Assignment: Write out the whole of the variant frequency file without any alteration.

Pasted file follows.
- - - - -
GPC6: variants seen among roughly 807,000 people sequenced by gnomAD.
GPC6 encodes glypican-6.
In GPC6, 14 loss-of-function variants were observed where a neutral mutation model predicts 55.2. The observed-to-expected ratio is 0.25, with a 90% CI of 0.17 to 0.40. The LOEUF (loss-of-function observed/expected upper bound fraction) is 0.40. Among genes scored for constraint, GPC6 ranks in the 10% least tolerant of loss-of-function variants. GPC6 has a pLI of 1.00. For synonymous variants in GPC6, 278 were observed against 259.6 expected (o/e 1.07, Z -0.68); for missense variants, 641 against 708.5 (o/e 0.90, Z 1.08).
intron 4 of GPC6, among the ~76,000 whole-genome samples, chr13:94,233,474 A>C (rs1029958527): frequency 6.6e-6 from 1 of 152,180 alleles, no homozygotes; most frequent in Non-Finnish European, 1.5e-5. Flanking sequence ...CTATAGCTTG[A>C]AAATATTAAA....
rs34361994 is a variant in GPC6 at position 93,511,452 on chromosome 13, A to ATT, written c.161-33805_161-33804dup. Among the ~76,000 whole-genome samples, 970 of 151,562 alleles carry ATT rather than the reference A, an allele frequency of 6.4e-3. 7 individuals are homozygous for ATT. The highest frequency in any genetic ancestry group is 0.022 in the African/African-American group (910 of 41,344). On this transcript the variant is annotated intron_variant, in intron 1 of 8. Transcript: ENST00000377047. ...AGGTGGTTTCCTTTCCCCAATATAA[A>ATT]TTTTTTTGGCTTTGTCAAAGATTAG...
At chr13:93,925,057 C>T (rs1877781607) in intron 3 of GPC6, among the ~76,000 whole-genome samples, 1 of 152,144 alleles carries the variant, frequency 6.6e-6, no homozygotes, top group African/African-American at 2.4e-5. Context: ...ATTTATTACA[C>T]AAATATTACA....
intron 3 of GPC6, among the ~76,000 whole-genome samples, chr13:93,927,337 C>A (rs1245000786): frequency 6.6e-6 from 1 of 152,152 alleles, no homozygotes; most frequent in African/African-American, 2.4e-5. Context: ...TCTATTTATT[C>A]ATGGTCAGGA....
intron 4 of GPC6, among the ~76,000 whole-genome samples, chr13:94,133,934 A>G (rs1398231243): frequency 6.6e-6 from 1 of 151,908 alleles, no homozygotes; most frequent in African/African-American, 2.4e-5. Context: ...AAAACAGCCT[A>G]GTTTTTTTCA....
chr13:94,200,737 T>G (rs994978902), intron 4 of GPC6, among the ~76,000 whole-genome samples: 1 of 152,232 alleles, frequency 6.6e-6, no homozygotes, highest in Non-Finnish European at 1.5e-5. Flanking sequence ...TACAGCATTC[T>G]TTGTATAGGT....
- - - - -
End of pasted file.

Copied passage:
GPC6: variants seen among roughly 807,000 people sequenced by gnomAD.
GPC6 encodes glypican-6.
In GPC6, 14 loss-of-function variants were observed where a neutral mutation model predicts 55.2. The observed-to-expected ratio is 0.25, with a 90% CI of 0.17 to 0.40. The LOEUF (loss-of-function observed/expected upper bound fraction) is 0.40. Among genes scored for constraint, GPC6 ranks in the 10% least tolerant of loss-of-function variants. GPC6 has a pLI of 1.00. For synonymous variants in GPC6, 278 were observed against 259.6 expected (o/e 1.07, Z -0.68); for missense variants, 641 against 708.5 (o/e 0.90, Z 1.08).
intron 4 of GPC6, among the ~76,000 whole-genome samples, chr13:94,233,474 A>C (rs1029958527): frequency 6.6e-6 from 1 of 152,180 alleles, no homozygotes; most frequent in Non-Finnish European, 1.5e-5. Flanking sequence ...CTATAGCTTG[A>C]AAATATTAAA....
rs34361994 is a variant in GPC6 at position 93,511,452 on chromosome 13, A to ATT, written c.161-33805_161-33804dup. Among the ~76,000 whole-genome samples, 970 of 151,562 alleles carry ATT rather than the reference A, an allele frequency of 6.4e-3. 7 individuals are homozygous for ATT. The highest frequency in any genetic ancestry group is 0.022 in the African/African-American group (910 of 41,344). On this transcript the variant is annotated intron_variant, in intron 1 of 8. Transcript: ENST00000377047. ...AGGTGGTTTCCTTTCCCCAATATAA[A>ATT]TTTTTTTGGCTTTGTCAAAGATTAG...
At chr13:93,925,057 C>T (rs1877781607) in intron 3 of GPC6, among the ~76,000 whole-genome samples, 1 of 152,144 alleles carries the variant, frequency 6.6e-6, no homozygotes, top group African/African-American at 2.4e-5. Context: ...ATTTATTACA[C>T]AAATATTACA....
intron 3 of GPC6, among the ~76,000 whole-genome samples, chr13:93,927,337 C>A (rs1245000786): frequency 6.6e-6 from 1 of 152,152 alleles, no homozygotes; most frequent in African/African-American, 2.4e-5. Context: ...TCTATTTATT[C>A]ATGGTCAGGA....
intron 4 of GPC6, among the ~76,000 whole-genome samples, chr13:94,133,934 A>G (rs1398231243): frequency 6.6e-6 from 1 of 151,908 alleles, no homozygotes; most frequent in African/African-American, 2.4e-5. Context: ...AAAACAGCCT[A>G]GTTTTTTTCA....
chr13:94,200,737 T>G (rs994978902), intron 4 of GPC6, among the ~76,000 whole-genome samples: 1 of 152,232 alleles, frequency 6.6e-6, no homozygotes, highest in Non-Finnish European at 1.5e-5. Flanking sequence ...TACAGCATTC[T>G]TTGTATAGGT....